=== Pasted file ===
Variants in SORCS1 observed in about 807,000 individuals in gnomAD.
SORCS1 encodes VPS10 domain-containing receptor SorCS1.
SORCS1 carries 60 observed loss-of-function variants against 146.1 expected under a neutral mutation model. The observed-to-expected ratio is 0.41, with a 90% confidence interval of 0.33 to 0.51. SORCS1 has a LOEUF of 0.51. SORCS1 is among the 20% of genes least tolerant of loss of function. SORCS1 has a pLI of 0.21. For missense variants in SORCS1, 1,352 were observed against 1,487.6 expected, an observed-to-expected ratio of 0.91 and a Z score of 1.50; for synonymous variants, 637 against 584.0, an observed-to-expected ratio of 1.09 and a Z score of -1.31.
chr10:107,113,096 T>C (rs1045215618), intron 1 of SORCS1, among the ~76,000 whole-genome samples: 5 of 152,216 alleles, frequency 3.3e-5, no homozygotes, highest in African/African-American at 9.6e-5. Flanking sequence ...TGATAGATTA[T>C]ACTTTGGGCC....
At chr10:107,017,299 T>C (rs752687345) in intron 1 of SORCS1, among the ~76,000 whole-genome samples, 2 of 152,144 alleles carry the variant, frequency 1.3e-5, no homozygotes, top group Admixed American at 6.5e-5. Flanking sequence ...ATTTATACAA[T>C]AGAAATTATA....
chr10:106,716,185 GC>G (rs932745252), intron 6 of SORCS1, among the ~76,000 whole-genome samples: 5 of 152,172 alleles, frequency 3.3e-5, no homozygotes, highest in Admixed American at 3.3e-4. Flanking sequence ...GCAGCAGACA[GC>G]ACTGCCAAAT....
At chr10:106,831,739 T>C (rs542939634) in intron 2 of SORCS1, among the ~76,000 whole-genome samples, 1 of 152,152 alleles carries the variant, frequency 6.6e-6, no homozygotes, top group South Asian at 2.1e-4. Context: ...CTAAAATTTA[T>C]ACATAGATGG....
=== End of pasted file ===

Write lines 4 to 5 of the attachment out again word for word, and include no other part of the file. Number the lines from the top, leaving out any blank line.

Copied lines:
chr10:107,113,096 T>C (rs1045215618), intron 1 of SORCS1, among the ~76,000 whole-genome samples: 5 of 152,216 alleles, frequency 3.3e-5, no homozygotes, highest in African/African-American at 9.6e-5. Flanking sequence ...TGATAGATTA[T>C]ACTTTGGGCC....
At chr10:107,017,299 T>C (rs752687345) in intron 1 of SORCS1, among the ~76,000 whole-genome samples, 2 of 152,144 alleles carry the variant, frequency 1.3e-5, no homozygotes, top group Admixed American at 6.5e-5. Flanking sequence ...ATTTATACAA[T>C]AGAAATTATA....